Originally Posted by Pugnax555
Hmm, I haven't seen any mention of anyone here actually having read
the book. There were a few mentions that it exists, but that's it.
My personal opinion is that it's a great post-modern novel, which I've read several times over the past 6 or 7 years. The movie was decent, but didn't particularly capture the essence of Mitchell's work. There's something beautiful about the way the various stories unfold in the book, very much like a puzzle box. That whole concept was thrown out the window for the movie, which almost arbitrarily jumped between the different stories/settings. Yes, it was a competent attempt at an adaptation, and I do give the Wachowskis a lot of credit for that attempt. But ultimately, I do think it fell quite short in what it was trying to do. Maybe I'll rent it now that it's available on disc, but I'll continue going back to the book when I want to revisit these stories.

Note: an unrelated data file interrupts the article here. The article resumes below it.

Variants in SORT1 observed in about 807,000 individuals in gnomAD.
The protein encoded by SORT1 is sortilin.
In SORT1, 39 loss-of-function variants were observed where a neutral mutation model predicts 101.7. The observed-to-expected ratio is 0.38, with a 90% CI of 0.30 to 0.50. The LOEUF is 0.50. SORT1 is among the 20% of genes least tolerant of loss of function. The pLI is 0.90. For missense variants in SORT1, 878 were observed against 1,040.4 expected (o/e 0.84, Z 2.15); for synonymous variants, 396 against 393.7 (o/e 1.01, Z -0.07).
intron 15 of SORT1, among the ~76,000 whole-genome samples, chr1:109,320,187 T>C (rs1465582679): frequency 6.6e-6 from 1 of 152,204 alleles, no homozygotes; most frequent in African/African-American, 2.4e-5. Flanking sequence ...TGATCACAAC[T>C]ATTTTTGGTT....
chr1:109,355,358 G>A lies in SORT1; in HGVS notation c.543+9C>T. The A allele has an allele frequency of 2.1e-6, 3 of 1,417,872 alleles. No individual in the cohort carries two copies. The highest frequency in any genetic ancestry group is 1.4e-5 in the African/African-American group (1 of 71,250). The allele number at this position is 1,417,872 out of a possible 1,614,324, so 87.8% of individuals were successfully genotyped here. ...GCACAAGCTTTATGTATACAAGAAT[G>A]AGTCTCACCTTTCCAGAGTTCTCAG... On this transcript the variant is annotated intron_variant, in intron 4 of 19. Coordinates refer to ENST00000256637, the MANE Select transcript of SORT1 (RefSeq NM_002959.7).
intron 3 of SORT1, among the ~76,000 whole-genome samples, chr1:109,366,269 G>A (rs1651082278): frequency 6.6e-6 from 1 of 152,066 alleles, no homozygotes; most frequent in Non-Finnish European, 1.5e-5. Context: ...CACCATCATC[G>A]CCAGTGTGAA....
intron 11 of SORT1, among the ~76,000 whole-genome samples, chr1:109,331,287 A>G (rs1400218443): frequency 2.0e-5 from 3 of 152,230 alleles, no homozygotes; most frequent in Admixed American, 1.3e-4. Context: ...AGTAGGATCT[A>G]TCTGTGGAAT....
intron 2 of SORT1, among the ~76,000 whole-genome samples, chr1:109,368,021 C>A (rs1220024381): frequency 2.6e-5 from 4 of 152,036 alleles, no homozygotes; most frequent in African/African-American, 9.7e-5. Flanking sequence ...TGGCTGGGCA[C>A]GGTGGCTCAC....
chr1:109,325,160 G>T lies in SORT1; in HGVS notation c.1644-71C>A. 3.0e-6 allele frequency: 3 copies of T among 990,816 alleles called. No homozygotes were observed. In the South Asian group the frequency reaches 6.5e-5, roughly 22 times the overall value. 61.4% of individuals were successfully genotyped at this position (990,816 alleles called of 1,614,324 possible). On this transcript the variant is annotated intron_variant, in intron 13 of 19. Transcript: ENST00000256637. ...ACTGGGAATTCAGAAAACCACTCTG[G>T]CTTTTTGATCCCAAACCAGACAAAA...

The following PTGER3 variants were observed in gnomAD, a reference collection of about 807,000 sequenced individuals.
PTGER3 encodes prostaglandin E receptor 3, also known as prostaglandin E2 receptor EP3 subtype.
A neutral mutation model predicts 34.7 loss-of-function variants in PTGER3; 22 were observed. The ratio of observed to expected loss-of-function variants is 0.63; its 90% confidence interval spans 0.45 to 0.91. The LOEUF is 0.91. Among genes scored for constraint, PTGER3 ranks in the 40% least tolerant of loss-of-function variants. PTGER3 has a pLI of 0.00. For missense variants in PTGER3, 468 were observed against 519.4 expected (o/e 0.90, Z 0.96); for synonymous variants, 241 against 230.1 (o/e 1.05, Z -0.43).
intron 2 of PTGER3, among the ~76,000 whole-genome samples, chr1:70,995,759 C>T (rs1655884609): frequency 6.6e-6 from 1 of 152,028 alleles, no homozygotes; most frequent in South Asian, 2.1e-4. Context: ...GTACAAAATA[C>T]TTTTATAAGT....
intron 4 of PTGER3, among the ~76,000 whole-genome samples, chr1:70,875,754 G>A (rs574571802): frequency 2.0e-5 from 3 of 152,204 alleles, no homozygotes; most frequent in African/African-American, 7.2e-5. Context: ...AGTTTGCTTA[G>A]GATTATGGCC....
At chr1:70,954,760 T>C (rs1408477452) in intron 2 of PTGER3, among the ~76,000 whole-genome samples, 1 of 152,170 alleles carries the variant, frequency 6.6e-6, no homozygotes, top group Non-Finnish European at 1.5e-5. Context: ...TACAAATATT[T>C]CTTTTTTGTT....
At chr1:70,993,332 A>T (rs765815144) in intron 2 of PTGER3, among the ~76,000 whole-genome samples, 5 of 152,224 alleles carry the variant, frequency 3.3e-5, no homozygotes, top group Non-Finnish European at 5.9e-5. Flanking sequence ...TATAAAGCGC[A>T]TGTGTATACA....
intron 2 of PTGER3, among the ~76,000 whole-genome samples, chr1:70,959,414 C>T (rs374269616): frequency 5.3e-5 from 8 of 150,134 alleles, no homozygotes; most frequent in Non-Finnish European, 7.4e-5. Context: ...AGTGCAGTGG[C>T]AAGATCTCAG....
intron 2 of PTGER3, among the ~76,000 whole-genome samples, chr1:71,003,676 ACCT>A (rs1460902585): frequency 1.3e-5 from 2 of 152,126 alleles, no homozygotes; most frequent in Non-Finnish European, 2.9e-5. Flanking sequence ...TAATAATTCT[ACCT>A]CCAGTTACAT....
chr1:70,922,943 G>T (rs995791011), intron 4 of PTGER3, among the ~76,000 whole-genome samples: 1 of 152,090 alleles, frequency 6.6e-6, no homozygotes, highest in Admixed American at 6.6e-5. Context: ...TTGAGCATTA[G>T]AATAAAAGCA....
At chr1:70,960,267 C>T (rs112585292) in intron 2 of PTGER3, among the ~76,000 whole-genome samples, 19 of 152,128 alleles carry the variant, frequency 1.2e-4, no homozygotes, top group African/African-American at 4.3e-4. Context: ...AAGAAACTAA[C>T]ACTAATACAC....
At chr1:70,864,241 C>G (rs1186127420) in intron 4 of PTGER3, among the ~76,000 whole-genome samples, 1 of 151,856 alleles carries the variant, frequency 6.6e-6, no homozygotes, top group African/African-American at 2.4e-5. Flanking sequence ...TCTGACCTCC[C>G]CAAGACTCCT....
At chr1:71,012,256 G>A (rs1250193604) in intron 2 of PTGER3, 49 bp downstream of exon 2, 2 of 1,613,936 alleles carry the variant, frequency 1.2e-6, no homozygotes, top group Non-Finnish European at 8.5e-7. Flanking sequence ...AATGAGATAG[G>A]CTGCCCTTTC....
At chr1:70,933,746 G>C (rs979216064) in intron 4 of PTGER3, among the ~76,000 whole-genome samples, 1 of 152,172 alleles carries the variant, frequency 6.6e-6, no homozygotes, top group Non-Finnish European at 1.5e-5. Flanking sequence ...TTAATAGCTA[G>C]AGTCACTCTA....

I agree with you about the elegance and effectiveness of the novel's construction, but disagree that the film's is less effective, and definitely disagree that it's "almost arbitrary."
It's different, for sure, as is the film's entire spin on the meaning of the source material. But far from being arbitrary, this film's editing is its very essence -- it's how it connects the larger meanings to the individual scenes, and it's how it makes one story out of six.
It's certainly less literary and much more cinematic than the book, of course, but like the book it uses the tropes and conventions not only of its art form, but of the individual genres that it emulates. In the book these are literary pastiches; in the movie they are of course visual.
My favorite kind of film adaptation is one that becomes a worthy companion to the book it's based on. One where the book can be re-read and the movie re-watched and they complement, resonate, expand, and even comment on each other. This is a brilliant movie based on a brilliant book, and that they both exist enriches both. Everybody wins.